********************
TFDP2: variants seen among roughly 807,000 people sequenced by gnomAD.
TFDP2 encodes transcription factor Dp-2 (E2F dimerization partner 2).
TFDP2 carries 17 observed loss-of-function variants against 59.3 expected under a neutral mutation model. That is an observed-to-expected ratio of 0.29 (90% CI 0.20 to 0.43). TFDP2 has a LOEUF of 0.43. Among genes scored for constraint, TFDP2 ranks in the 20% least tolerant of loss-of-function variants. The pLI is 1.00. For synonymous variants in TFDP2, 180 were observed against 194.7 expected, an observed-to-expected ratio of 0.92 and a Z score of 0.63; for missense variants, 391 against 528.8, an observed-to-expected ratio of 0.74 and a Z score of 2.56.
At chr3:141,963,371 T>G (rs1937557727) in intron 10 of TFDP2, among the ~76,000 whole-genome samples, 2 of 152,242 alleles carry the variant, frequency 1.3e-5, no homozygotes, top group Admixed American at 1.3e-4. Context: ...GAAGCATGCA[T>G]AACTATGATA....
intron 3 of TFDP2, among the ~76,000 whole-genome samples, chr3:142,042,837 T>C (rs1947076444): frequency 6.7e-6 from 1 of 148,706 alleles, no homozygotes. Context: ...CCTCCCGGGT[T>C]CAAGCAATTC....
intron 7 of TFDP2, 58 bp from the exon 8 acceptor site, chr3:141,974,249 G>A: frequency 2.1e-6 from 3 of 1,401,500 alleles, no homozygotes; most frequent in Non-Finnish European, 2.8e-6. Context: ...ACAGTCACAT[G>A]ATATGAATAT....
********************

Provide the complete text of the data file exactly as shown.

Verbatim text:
TFDP2: variants seen among roughly 807,000 people sequenced by gnomAD.
TFDP2 encodes transcription factor Dp-2 (E2F dimerization partner 2).
TFDP2 carries 17 observed loss-of-function variants against 59.3 expected under a neutral mutation model. That is an observed-to-expected ratio of 0.29 (90% CI 0.20 to 0.43). TFDP2 has a LOEUF of 0.43. Among genes scored for constraint, TFDP2 ranks in the 20% least tolerant of loss-of-function variants. The pLI is 1.00. For synonymous variants in TFDP2, 180 were observed against 194.7 expected, an observed-to-expected ratio of 0.92 and a Z score of 0.63; for missense variants, 391 against 528.8, an observed-to-expected ratio of 0.74 and a Z score of 2.56.
At chr3:141,963,371 T>G (rs1937557727) in intron 10 of TFDP2, among the ~76,000 whole-genome samples, 2 of 152,242 alleles carry the variant, frequency 1.3e-5, no homozygotes, top group Admixed American at 1.3e-4. Context: ...GAAGCATGCA[T>G]AACTATGATA....
intron 3 of TFDP2, among the ~76,000 whole-genome samples, chr3:142,042,837 T>C (rs1947076444): frequency 6.7e-6 from 1 of 148,706 alleles, no homozygotes. Context: ...CCTCCCGGGT[T>C]CAAGCAATTC....
intron 7 of TFDP2, 58 bp from the exon 8 acceptor site, chr3:141,974,249 G>A: frequency 2.1e-6 from 3 of 1,401,500 alleles, no homozygotes; most frequent in Non-Finnish European, 2.8e-6. Context: ...ACAGTCACAT[G>A]ATATGAATAT....